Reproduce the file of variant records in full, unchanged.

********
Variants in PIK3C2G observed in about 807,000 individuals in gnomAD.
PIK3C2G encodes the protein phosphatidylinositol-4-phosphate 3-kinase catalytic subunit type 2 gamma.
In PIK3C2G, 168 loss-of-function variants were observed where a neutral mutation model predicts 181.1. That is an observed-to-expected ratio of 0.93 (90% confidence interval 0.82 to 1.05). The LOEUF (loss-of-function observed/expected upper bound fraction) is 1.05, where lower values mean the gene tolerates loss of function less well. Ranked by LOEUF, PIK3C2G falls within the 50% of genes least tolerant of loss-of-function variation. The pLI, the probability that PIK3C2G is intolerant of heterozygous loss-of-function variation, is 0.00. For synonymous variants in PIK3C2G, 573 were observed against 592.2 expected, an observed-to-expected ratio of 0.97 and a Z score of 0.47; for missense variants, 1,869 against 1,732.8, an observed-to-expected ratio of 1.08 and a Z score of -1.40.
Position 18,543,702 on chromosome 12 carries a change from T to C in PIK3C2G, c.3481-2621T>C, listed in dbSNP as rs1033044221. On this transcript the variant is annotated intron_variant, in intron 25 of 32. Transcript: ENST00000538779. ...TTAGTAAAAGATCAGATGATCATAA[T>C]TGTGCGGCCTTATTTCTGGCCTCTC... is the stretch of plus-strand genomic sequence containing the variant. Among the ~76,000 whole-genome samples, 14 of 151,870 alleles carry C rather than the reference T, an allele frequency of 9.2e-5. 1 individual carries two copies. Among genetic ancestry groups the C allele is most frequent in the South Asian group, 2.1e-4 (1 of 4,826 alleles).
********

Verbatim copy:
Variants in PIK3C2G observed in about 807,000 individuals in gnomAD.
PIK3C2G encodes the protein phosphatidylinositol-4-phosphate 3-kinase catalytic subunit type 2 gamma.
In PIK3C2G, 168 loss-of-function variants were observed where a neutral mutation model predicts 181.1. That is an observed-to-expected ratio of 0.93 (90% confidence interval 0.82 to 1.05). The LOEUF (loss-of-function observed/expected upper bound fraction) is 1.05, where lower values mean the gene tolerates loss of function less well. Ranked by LOEUF, PIK3C2G falls within the 50% of genes least tolerant of loss-of-function variation. The pLI, the probability that PIK3C2G is intolerant of heterozygous loss-of-function variation, is 0.00. For synonymous variants in PIK3C2G, 573 were observed against 592.2 expected, an observed-to-expected ratio of 0.97 and a Z score of 0.47; for missense variants, 1,869 against 1,732.8, an observed-to-expected ratio of 1.08 and a Z score of -1.40.
Position 18,543,702 on chromosome 12 carries a change from T to C in PIK3C2G, c.3481-2621T>C, listed in dbSNP as rs1033044221. On this transcript the variant is annotated intron_variant, in intron 25 of 32. Transcript: ENST00000538779. ...TTAGTAAAAGATCAGATGATCATAA[T>C]TGTGCGGCCTTATTTCTGGCCTCTC... is the stretch of plus-strand genomic sequence containing the variant. Among the ~76,000 whole-genome samples, 14 of 151,870 alleles carry C rather than the reference T, an allele frequency of 9.2e-5. 1 individual carries two copies. Among genetic ancestry groups the C allele is most frequent in the South Asian group, 2.1e-4 (1 of 4,826 alleles).